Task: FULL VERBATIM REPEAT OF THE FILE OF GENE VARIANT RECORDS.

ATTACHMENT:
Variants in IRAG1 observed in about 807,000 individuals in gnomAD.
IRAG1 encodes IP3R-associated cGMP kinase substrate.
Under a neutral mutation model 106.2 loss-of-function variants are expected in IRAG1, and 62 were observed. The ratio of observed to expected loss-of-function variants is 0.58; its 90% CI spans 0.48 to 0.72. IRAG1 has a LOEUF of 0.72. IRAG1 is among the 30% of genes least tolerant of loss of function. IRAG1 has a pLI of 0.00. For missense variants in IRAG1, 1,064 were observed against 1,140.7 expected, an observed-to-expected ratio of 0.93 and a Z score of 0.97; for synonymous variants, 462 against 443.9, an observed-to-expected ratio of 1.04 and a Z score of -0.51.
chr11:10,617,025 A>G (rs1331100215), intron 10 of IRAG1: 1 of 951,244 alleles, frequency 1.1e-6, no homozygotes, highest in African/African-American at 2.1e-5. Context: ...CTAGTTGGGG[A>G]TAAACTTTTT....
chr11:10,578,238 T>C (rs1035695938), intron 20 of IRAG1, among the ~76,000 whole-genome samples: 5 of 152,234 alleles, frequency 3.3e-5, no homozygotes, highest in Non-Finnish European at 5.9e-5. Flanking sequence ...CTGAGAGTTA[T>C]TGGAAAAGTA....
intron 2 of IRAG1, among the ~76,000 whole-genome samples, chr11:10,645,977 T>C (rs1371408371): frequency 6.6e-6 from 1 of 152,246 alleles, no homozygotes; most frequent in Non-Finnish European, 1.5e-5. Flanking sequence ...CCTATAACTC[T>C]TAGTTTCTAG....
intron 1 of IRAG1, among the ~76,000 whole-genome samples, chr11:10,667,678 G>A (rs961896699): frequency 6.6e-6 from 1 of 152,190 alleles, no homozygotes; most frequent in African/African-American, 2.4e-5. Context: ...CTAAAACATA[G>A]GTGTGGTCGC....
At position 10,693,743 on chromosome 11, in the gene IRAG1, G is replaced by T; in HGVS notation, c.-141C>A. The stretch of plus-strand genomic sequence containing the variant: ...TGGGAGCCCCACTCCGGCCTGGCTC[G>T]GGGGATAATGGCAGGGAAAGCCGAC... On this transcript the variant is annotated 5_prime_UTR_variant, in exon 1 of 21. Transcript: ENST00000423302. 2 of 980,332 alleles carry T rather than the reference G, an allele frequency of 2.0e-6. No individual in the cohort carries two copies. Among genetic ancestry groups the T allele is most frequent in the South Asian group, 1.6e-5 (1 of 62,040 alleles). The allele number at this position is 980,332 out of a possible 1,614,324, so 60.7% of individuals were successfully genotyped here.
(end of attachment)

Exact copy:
Variants in IRAG1 observed in about 807,000 individuals in gnomAD.
IRAG1 encodes IP3R-associated cGMP kinase substrate.
Under a neutral mutation model 106.2 loss-of-function variants are expected in IRAG1, and 62 were observed. The ratio of observed to expected loss-of-function variants is 0.58; its 90% CI spans 0.48 to 0.72. IRAG1 has a LOEUF of 0.72. IRAG1 is among the 30% of genes least tolerant of loss of function. IRAG1 has a pLI of 0.00. For missense variants in IRAG1, 1,064 were observed against 1,140.7 expected, an observed-to-expected ratio of 0.93 and a Z score of 0.97; for synonymous variants, 462 against 443.9, an observed-to-expected ratio of 1.04 and a Z score of -0.51.
chr11:10,617,025 A>G (rs1331100215), intron 10 of IRAG1: 1 of 951,244 alleles, frequency 1.1e-6, no homozygotes, highest in African/African-American at 2.1e-5. Context: ...CTAGTTGGGG[A>G]TAAACTTTTT....
chr11:10,578,238 T>C (rs1035695938), intron 20 of IRAG1, among the ~76,000 whole-genome samples: 5 of 152,234 alleles, frequency 3.3e-5, no homozygotes, highest in Non-Finnish European at 5.9e-5. Flanking sequence ...CTGAGAGTTA[T>C]TGGAAAAGTA....
intron 2 of IRAG1, among the ~76,000 whole-genome samples, chr11:10,645,977 T>C (rs1371408371): frequency 6.6e-6 from 1 of 152,246 alleles, no homozygotes; most frequent in Non-Finnish European, 1.5e-5. Flanking sequence ...CCTATAACTC[T>C]TAGTTTCTAG....
intron 1 of IRAG1, among the ~76,000 whole-genome samples, chr11:10,667,678 G>A (rs961896699): frequency 6.6e-6 from 1 of 152,190 alleles, no homozygotes; most frequent in African/African-American, 2.4e-5. Context: ...CTAAAACATA[G>A]GTGTGGTCGC....
At position 10,693,743 on chromosome 11, in the gene IRAG1, G is replaced by T; in HGVS notation, c.-141C>A. The stretch of plus-strand genomic sequence containing the variant: ...TGGGAGCCCCACTCCGGCCTGGCTC[G>T]GGGGATAATGGCAGGGAAAGCCGAC... On this transcript the variant is annotated 5_prime_UTR_variant, in exon 1 of 21. Transcript: ENST00000423302. 2 of 980,332 alleles carry T rather than the reference G, an allele frequency of 2.0e-6. No individual in the cohort carries two copies. Among genetic ancestry groups the T allele is most frequent in the South Asian group, 1.6e-5 (1 of 62,040 alleles). The allele number at this position is 980,332 out of a possible 1,614,324, so 60.7% of individuals were successfully genotyped here.